Exhibition Outlines

Special Exhibition No.2 Imperial Calligraphy and the Japanese Cultural Tradition -A Special Exhibition in Commemoration of the 10th Anniversary of the Enthronement of His Majesty the Emperor- (1999/6/5 - 1999/7/25)

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Imperial Calligraphy and the Japanese Cultural Tradition

“Imperial Calligraphy and the Japanese Cultural Tradition” is the second in a series of special exhibitions at The Museum of the Imperial Collections (Sannomaru Shozokan) commemorating the tenth anniversary of the enthronement of His Majesty the Emperor. For this exhibition, we have been honored with the opportunity to exhibit Imperial properties and have worked in collaboration with The Archives and Mausolea Department, Imperial Household. The exhibition takes a dose look at the calligraphies of Japanese emperors from medieval times to the Edo period, mainly through the works of those emperors who left important marks on Japanese culture. At the same time, through the various contents of those writings, it will examine the conditions then existing in the courts and society at large and thus introduce the relationship between the Imperial Family and Japanese culture.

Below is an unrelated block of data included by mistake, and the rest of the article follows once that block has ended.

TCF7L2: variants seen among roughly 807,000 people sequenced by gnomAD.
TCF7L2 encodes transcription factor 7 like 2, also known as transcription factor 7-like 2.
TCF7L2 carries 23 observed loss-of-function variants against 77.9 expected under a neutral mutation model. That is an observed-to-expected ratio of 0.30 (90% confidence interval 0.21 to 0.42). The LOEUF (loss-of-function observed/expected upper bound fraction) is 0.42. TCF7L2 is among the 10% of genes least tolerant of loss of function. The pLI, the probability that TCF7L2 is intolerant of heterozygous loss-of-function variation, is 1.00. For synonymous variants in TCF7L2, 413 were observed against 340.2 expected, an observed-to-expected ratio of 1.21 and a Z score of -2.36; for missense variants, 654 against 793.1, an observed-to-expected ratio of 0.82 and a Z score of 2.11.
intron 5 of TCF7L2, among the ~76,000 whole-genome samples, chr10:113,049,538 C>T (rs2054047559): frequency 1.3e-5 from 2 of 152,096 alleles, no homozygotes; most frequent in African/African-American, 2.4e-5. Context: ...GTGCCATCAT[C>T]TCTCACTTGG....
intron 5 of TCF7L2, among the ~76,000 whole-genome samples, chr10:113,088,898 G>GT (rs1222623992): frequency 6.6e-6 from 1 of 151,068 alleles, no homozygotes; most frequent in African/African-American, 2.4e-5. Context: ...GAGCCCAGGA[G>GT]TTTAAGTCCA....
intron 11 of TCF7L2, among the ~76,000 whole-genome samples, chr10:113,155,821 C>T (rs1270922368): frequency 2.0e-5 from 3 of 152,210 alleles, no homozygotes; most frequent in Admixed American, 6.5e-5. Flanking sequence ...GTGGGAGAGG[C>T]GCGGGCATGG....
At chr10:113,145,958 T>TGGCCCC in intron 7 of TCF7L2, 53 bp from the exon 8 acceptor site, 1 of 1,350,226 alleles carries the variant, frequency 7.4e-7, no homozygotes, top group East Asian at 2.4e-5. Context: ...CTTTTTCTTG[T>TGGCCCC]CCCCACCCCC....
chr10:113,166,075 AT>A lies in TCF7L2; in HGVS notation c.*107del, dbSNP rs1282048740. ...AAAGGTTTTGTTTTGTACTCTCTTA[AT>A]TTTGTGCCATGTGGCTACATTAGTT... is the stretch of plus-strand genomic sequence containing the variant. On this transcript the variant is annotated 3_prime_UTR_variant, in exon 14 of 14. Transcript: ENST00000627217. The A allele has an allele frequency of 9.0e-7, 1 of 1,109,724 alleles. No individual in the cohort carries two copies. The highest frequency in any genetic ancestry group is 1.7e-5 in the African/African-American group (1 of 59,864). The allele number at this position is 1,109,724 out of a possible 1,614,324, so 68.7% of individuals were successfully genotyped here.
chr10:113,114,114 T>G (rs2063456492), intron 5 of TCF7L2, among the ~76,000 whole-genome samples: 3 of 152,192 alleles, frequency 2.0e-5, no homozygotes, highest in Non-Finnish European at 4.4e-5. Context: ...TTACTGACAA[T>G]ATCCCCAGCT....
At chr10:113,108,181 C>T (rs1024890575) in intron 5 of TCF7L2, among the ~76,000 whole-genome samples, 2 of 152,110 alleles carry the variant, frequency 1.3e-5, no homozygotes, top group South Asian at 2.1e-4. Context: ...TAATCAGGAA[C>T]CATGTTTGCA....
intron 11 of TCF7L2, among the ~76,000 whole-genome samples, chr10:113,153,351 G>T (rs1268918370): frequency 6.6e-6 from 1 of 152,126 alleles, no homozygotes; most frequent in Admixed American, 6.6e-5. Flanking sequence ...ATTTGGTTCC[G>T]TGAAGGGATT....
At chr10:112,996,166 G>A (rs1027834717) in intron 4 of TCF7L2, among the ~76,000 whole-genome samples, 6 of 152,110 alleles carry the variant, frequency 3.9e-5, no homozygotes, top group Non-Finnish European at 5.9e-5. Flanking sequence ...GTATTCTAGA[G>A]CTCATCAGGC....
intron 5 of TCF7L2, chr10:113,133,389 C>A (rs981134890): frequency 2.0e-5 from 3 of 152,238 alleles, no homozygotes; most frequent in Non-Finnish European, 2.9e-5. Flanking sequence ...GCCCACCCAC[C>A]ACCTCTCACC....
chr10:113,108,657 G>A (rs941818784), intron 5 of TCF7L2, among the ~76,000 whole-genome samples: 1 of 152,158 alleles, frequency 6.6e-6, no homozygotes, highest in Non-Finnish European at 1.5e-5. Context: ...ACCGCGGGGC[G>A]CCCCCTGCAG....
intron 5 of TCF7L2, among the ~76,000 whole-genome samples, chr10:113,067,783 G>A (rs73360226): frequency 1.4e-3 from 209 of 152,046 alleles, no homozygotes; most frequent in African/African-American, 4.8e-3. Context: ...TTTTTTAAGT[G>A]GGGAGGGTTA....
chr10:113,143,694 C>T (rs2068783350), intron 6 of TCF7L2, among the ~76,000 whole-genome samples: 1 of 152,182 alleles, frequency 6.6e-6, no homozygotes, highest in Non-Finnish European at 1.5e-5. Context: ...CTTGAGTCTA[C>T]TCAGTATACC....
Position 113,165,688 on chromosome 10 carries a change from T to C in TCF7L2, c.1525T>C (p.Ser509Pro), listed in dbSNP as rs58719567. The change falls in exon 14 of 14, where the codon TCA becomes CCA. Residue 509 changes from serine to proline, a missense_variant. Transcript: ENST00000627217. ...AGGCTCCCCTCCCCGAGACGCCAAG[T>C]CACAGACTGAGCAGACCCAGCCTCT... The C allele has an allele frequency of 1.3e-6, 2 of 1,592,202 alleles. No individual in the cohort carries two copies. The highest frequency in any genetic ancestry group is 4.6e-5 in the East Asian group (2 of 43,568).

In Imperial calligraphy, the writings by emperors celebrated as outstanding calligraphers are fine artworks in themselves. In content, moreover, they cover a broad range, taking such forms as journals, waka poetry, letters, and literary works. In particular, the journals are important documents through which we can learn about contemporary social conditions, and the careful records they provide disclose the history of our country. The waka form of poetry, on the other hand, developed tremendously thanks in part to the compilation of Imperial anthologies and has been handed down to the present as part of the Japanese tradition. The emperors were also active in a variety of other fields such as literature and the performing arts, while Imperial rites and ceremonies have been continued to this day as annual events that enrich court culture. The various types of art and culture that thus emerged and grew under the patronage of the emperors have led to the development of different motifs - the distinctively Japanese ambience of the four seasons, human emotions, and narrative themes - that have flavored our country’s culture with a beauty of refinement and splendor the Japanese refer to as miyabi

This exhibition focuses mostly on the emperors who were cultural leaders of their times, such as Emperor Goshirakawa of the late Heian period, Emperor Fushimi, a celebrated calligrapher, Emperor Gomizunoo, a central figure in Kan’ei culture, and Emperor Gosai, who laid the foundations for the Higashiyama Collection. We hope that through this exhibition the viewer will ponder the depth of the scholarly and cultural attainments of the successive emperors and at the same time feel the history of the  relationship between the Imperial Family and Japanese culture.